The primary goals of this report are to discuss measures to prevent suicides on commuter and metro rail systems, and to outline an approach for suicide prevention on rail systems. Based on existing literature and analysis of data obtained from the Metrolink system in Southern California, it was found that most suicides occur near station platforms and near access points to the track. Suicides occurred most frequently when relatively more trains were in operation and in areas of high population density. There do not appear to be suicide “hot spots” (e.g., linked to mental hospitals in the proximity, etc.), based on data analyzed for U.S. systems. The suicide prevention measures range from relatively inexpensive signs posting call-for-help suicide hotline information to costly platform barriers that physically prevent people from jumping onto tracks in front of trains. Other prevention measures fall within this range, such as hotlines available at high frequency suicide locations, or surveillance systems that can report possible suicide attempts and provide the opportunity for intervention tactics. Because of the relatively low number of suicides on rail systems, as compared to the overall number of suicides in general, a cost-effective strategy for preventing suicides on rail systems should be approached in a very focused manner. The prevention measures executed by the rail authorities should be focused on the suicides occurring on the rail systems themselves, while the broader problem of suicides should be left to community-based prevention efforts. Moreover, prevention measures, such as surveillance and response, could “piggyback” on surveillance and response systems used for other purposes on the rail systems to make such projects economically feasible.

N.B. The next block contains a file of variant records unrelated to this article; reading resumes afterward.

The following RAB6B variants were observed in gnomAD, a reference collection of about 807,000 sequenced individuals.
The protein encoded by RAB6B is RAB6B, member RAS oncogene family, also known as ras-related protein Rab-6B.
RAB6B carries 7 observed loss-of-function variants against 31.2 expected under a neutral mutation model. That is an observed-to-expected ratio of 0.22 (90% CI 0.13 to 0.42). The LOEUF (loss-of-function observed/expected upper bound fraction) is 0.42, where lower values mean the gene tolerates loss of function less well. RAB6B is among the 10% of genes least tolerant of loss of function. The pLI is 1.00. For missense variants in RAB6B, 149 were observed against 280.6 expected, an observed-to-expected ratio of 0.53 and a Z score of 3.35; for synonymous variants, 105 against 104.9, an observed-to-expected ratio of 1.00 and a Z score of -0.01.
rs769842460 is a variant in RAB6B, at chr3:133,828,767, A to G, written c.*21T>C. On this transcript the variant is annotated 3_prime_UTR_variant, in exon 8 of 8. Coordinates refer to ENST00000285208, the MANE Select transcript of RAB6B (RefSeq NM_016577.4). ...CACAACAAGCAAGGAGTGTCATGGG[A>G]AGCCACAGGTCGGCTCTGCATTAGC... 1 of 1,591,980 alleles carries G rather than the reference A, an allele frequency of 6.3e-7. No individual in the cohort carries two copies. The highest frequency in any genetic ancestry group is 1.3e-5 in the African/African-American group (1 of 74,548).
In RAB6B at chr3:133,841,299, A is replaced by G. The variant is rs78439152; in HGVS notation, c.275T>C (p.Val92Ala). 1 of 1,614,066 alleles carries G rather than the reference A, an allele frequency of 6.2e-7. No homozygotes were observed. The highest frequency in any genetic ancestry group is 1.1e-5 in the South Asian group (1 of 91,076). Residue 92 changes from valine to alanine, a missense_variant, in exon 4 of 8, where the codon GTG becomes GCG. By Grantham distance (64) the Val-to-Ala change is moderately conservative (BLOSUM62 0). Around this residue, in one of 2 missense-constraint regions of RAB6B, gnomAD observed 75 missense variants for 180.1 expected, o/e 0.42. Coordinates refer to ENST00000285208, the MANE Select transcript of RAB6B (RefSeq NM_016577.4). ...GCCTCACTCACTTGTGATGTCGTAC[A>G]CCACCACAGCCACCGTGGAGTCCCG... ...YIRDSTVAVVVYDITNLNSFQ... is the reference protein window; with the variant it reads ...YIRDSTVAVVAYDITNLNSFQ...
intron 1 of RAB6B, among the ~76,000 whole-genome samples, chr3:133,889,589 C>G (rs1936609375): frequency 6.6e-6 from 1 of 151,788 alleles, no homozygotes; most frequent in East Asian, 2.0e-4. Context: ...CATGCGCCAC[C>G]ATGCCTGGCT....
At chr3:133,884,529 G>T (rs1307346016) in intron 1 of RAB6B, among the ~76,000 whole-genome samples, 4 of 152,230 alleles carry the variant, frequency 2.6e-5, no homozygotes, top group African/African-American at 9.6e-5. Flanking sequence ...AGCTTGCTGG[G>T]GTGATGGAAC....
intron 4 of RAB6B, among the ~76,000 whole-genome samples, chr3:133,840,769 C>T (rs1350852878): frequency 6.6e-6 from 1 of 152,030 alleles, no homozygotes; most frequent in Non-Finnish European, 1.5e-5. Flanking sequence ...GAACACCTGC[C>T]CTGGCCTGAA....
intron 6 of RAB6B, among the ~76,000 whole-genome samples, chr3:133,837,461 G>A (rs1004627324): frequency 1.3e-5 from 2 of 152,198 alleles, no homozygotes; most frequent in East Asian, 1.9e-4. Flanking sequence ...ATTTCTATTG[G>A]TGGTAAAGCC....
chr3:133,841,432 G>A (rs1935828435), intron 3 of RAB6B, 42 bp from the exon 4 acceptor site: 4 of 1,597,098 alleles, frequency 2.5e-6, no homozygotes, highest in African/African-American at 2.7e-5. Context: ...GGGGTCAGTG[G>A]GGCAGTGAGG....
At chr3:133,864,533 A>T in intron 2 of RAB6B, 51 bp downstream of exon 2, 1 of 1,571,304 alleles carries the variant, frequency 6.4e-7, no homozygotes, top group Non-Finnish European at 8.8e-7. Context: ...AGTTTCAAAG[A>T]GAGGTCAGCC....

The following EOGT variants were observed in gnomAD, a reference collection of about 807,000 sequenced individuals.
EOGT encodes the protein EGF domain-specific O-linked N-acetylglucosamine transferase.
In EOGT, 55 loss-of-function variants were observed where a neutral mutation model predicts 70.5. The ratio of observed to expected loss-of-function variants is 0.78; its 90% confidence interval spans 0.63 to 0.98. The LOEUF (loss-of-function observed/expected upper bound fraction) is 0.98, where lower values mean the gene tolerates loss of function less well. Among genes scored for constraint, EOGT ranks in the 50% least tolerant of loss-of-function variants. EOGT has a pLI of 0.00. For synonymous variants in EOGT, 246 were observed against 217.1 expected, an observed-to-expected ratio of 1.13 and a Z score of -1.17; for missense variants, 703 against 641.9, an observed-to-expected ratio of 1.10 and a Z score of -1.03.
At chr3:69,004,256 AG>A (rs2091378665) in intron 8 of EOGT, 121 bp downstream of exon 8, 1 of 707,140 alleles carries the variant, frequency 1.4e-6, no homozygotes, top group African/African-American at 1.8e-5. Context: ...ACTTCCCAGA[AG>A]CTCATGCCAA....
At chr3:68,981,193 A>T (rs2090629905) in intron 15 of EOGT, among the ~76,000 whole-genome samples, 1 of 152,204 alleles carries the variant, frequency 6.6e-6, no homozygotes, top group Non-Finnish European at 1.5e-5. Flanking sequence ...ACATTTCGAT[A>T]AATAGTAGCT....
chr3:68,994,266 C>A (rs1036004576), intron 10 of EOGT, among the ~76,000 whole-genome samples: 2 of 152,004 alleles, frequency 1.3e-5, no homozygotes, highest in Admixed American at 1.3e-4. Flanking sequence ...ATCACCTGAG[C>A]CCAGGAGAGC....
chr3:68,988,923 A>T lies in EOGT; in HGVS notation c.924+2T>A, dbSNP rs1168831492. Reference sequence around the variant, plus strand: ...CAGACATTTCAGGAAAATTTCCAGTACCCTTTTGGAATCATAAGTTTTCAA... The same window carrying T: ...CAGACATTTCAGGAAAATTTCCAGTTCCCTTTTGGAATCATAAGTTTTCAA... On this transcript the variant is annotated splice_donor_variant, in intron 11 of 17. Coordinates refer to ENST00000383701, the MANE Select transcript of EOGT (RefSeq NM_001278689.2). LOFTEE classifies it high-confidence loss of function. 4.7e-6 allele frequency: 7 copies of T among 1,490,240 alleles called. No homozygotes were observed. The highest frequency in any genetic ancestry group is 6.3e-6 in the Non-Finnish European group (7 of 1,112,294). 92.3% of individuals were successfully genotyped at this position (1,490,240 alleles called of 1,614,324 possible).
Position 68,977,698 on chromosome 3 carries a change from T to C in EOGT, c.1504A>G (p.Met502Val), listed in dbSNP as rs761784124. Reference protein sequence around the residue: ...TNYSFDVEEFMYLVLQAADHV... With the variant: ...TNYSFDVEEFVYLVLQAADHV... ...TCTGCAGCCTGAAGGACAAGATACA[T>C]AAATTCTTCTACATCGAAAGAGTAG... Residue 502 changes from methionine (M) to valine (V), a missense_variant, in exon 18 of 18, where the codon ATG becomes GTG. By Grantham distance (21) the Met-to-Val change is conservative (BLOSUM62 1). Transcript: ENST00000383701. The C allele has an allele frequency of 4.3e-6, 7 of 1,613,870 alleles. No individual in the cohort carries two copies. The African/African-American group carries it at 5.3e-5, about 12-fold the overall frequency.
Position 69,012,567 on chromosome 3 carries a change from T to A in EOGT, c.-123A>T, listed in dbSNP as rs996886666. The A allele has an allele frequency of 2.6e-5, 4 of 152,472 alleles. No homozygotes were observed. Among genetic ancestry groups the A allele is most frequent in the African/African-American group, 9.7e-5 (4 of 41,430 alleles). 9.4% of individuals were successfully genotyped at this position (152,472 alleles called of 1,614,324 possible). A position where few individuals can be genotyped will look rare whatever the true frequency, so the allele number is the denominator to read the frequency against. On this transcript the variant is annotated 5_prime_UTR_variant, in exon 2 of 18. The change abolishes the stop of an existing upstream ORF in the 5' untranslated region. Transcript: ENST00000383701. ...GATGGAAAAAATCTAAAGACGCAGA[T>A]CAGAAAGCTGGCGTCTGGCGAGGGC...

Suicide prevention measures, Commuter rail, Metro rail, Suicide prevention implementation, Suicide locations
Jan L. Botha, Marissa K. Neighbour, and Satnam Kaur. "An Approach for Actions to Prevent Suicides on Commuter and Metro Rail Systems in the United States, MTI Report 12-33" Mineta Transportation Institute Publications (2014).